When the team at Level Ground asked me to contribute to their blog, I was really excited. Partly because I have several opinions that clearly need to be heard and commented on by the masses, but mostly because today (10.27.14) is the day that Taylor Swift's new album comes out. There is something about sitting down to pen this blog on the day Taylor Swift's new album drops that makes me feel like a much better writer than I probably am.
Normally this blog post would have been pretty easy for me to write. Remember all those opinions I mentioned wanting to share? Like I said, I have several of them, especially when it comes to the bridge between homosexuality and Christianity. Usually I'd just write down said opinions and explain why I thought they were essential to the mental growth of readers everywhere. But this post feels different. Rather than regurgitate the conclusions I've already reached during years past, or turn a group of bulleted how to's into a humorously titled list reminiscent of something the hilariously dry Mindy Kaling might leave behind on the cutting room floor, today I've been asked to talk questions. So naturally, I'm going to tell a story.
A few nights ago, my friend Missi and I had the opportunity to perform at Level Ground's Fall Party. A night full of visual art, musical acts, and comedy, the purpose was simple: to have fun and to raise money for Level Ground. While we were singing, a girl in the back of the room caught my attention. She wasn't so far in the back that I assumed she was an outcast or anything, but she was still far enough from the front for me to think she avoided being the center of attention. Part of me was judging her because this girl was dressed to impress. She wore a dress that was far too formal for the evening (in my very humble opinion) and a scarf that let everyone know she was hipster enough to be the poster child for Urban Outfitters. I also noticed she talked through every performance. (Normally I would be pretty mad about this, but I forgot several of my lyrics that night, so I guess we'll call it even.)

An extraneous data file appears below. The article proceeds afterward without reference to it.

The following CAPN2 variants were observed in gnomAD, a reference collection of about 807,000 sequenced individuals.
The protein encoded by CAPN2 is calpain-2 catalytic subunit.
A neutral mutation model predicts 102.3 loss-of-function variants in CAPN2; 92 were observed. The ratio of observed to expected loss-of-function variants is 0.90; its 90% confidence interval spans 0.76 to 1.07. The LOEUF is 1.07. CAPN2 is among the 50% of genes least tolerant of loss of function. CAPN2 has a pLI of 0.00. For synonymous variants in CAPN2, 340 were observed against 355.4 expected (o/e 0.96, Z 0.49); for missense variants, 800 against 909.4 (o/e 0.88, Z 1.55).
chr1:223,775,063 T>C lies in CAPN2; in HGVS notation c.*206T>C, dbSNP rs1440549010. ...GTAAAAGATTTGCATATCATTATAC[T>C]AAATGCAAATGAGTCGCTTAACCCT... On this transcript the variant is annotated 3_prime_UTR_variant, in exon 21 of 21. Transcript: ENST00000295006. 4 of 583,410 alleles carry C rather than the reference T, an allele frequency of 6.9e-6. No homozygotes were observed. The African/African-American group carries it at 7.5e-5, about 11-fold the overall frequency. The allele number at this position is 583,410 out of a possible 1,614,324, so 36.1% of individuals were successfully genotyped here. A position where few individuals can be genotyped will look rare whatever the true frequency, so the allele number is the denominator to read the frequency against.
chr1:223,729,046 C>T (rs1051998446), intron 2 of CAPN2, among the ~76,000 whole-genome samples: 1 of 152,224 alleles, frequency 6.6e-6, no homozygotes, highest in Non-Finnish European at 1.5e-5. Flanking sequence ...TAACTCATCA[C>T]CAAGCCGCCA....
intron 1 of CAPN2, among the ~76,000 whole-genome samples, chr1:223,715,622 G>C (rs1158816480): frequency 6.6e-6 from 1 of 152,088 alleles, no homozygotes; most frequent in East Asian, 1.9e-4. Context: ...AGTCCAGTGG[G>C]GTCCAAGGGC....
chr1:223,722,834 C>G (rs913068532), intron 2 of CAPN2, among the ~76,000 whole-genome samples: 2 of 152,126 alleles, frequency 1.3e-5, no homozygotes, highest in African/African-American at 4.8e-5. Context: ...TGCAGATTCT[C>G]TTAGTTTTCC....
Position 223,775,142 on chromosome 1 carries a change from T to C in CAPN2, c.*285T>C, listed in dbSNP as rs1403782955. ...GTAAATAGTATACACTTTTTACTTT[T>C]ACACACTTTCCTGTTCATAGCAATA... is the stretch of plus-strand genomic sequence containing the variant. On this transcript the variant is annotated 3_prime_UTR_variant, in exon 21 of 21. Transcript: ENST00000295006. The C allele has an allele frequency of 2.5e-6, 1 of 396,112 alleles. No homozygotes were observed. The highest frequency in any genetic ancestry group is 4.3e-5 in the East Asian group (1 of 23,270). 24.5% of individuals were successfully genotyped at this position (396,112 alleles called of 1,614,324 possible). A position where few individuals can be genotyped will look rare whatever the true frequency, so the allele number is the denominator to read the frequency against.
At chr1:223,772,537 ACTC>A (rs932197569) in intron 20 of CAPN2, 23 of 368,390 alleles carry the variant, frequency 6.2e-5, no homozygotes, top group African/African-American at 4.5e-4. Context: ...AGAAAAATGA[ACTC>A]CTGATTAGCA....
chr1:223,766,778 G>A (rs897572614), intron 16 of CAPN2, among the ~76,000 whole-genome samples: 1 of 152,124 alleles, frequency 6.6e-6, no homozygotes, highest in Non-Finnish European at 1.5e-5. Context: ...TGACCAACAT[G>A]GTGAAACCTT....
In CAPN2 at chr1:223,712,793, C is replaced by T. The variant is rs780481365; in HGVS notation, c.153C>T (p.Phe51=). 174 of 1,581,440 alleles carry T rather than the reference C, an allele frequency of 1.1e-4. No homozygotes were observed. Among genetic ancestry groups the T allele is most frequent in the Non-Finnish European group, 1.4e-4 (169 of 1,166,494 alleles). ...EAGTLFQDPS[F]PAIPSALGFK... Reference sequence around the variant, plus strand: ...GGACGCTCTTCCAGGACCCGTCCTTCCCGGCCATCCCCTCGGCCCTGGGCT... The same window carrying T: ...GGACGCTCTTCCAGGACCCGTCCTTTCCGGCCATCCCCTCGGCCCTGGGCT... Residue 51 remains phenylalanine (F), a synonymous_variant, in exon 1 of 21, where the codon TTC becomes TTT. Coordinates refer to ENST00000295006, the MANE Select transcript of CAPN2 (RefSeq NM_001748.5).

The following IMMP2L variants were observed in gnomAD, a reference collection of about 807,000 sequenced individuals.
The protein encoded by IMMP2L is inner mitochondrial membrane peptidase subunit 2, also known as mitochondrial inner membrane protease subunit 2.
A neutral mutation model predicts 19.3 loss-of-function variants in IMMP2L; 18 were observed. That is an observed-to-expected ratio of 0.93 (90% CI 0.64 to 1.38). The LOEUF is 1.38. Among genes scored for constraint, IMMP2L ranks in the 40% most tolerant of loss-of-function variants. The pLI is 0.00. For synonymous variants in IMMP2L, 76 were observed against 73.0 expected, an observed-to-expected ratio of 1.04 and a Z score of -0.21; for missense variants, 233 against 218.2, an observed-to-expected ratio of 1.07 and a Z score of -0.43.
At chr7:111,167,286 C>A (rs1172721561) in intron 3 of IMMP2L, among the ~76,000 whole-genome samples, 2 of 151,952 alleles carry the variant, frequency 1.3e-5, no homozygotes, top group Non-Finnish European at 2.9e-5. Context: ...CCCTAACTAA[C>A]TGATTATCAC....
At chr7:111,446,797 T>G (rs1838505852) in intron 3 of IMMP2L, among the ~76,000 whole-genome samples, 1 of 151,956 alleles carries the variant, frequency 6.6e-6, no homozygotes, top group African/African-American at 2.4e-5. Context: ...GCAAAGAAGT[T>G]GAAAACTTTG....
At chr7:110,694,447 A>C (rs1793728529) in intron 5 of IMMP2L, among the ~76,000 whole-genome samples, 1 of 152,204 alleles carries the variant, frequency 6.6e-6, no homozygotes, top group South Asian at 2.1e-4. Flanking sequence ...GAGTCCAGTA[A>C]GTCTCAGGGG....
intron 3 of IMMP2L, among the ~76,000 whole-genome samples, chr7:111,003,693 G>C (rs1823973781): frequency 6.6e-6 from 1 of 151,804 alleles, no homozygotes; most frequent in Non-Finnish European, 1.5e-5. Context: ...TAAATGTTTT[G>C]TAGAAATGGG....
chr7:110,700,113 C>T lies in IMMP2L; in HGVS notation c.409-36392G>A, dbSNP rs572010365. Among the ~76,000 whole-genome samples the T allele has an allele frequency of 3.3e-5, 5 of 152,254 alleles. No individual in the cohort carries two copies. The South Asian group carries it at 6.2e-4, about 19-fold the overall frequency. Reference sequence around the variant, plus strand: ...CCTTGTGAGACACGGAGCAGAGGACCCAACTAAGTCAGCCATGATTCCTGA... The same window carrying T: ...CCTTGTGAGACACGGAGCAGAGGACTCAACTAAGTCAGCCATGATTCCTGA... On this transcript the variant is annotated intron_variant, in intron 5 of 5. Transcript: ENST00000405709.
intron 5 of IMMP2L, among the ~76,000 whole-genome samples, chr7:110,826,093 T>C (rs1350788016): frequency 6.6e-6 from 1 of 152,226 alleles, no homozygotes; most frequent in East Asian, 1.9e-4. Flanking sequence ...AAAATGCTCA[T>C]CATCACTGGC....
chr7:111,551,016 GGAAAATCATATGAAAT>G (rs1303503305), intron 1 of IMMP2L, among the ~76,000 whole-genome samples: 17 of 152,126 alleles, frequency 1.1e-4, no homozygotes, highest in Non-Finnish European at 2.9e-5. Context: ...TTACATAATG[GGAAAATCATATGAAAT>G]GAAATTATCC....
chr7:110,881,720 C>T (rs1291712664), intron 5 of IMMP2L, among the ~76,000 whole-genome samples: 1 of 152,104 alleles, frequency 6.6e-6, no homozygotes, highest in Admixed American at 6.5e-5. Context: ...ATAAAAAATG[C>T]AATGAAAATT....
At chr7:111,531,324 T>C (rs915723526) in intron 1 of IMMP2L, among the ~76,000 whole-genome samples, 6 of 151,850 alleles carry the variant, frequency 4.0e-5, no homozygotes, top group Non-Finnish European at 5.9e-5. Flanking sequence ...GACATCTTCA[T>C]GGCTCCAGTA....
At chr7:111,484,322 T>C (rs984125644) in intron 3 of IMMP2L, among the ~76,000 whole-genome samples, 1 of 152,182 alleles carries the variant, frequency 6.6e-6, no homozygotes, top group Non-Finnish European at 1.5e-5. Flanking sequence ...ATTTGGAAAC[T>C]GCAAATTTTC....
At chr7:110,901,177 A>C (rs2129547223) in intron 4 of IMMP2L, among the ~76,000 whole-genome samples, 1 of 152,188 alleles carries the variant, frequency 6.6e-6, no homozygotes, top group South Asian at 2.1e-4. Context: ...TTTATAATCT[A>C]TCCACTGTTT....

Anyways, after we sang, Missi and I spoke briefly about what Level Ground means to us and why we are involved in the organization. I mentioned growing up in a minister's home and how difficult it is to balance my faith with my budding sexuality. Missi spoke about being personally tied to the organization through friends like me and her roommate Nick (who works for Level Ground).
Cut to the event's end and I see the girl with the dress and the scarf beelining to talk to me from across the room. It was one of those weird moments where you look everywhere but that person's direction for fear of eye contact and you still somehow make eye contact and then all of a sudden there she was, right in front of me.
Let's call her Sara (for the sake of this story). Sara skipped the small talk and immediately launched into a hard inquiry: "Why would you agree to sing such meaningful songs with someone who clearly doesn't support the lifestyle you've chosen to live."
My first inclination was to turn and walk away but instead I asked a few questions. Why do you think the life I'm living is a life I chose? Why would I change my mind about performing alongside someone who doesn't believe exactly what I believe? Is it wrong of me to foster a friendship with someone who doesn't agree with such a big aspect of my daily life?
I inquired hard at first because she'd come at me so negatively, but soon found out that Sara was so emotional about her curiosities because she'd lost most of her close friends when she told them of her decision to live as an "out of the closet" homosexual female who still desires to serve the Lord. Her mother decided not to stand on her side, same with her grandparents. She was envious of the friendship that Missi spoke of sharing with Nick and me because she lost those relationships so abruptly when she chose to come out. It boggles my mind, really.
I guess I say all of that here to ask a few other questions I've been thinking about a lot since this, dare I say, leveling ground encounter. Will there ever be a time when friends and loved ones won't be so rocked by someone's sexuality that lost relational time is not an issue? Will the work of organizations like Level Ground be a waste of time and effort? Or will it finally prevail? While my mind is still boggled, I do have huge faith. And until any of us knows any answers to these questions, I suggest we all rest in the emotion of that weird owl from those old school tootsie pop commercials: "The world may never know," but we can (and should) certainly keep trying.